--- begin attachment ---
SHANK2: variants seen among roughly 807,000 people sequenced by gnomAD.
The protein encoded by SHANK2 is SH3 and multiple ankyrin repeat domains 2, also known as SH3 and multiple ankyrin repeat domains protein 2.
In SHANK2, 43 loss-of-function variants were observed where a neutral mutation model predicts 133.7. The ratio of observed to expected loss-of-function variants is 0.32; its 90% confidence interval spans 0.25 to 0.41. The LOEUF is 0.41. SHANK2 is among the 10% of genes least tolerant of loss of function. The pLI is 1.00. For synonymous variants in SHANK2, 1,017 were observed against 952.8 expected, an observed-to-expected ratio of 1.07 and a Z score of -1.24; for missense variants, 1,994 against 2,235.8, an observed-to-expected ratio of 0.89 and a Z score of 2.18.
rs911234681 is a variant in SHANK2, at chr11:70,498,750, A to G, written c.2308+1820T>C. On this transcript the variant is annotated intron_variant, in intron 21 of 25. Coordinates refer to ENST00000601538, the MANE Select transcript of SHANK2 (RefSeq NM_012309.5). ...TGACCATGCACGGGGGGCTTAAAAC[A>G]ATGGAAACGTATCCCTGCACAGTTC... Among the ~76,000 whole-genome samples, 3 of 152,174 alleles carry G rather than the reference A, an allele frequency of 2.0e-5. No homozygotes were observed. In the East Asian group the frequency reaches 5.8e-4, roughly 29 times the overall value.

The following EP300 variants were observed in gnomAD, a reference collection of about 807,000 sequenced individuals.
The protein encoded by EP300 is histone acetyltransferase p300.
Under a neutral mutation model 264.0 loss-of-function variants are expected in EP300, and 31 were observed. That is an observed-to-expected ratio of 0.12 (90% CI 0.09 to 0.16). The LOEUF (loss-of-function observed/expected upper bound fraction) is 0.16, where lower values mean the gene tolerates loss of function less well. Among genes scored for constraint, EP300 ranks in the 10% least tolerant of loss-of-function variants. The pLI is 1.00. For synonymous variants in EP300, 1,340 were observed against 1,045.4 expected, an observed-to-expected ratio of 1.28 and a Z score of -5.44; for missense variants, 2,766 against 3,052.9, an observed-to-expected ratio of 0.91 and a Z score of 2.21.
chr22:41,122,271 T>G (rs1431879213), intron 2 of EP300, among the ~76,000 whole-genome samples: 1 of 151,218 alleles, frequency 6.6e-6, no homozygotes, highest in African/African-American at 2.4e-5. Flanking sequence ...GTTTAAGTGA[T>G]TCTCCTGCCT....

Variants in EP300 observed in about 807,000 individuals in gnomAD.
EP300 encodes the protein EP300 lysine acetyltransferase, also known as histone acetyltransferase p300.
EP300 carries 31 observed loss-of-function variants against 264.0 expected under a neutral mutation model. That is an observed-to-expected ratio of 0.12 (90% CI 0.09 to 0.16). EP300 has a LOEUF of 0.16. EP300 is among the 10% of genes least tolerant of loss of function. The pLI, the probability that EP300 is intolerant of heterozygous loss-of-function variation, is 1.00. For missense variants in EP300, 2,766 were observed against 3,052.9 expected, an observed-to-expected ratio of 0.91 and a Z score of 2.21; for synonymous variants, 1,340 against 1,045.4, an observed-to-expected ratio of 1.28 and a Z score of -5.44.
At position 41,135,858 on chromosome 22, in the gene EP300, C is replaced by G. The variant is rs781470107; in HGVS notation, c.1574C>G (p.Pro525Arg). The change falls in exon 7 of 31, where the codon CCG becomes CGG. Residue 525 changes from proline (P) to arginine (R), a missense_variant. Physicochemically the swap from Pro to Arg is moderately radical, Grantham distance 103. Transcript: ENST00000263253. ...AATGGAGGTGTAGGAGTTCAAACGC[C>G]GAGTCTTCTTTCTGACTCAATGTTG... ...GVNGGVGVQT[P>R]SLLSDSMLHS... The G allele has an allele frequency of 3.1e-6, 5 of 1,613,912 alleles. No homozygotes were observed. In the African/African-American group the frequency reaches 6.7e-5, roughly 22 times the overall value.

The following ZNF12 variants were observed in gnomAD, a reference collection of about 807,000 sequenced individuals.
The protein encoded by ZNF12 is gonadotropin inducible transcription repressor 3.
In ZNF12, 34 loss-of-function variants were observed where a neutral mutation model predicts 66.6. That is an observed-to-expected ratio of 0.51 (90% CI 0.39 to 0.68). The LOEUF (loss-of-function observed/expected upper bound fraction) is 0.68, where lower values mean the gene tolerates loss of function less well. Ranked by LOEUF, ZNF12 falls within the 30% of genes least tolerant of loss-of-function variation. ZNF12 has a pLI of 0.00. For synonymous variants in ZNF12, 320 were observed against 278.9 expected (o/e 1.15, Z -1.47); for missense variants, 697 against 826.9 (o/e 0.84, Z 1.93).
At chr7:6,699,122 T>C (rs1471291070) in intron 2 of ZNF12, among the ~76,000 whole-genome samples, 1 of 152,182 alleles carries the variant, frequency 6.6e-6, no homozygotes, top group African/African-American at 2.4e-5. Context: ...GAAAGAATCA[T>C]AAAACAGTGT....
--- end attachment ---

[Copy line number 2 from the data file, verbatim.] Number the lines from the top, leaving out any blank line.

The protein encoded by SHANK2 is SH3 and multiple ankyrin repeat domains 2, also known as SH3 and multiple ankyrin repeat domains protein 2.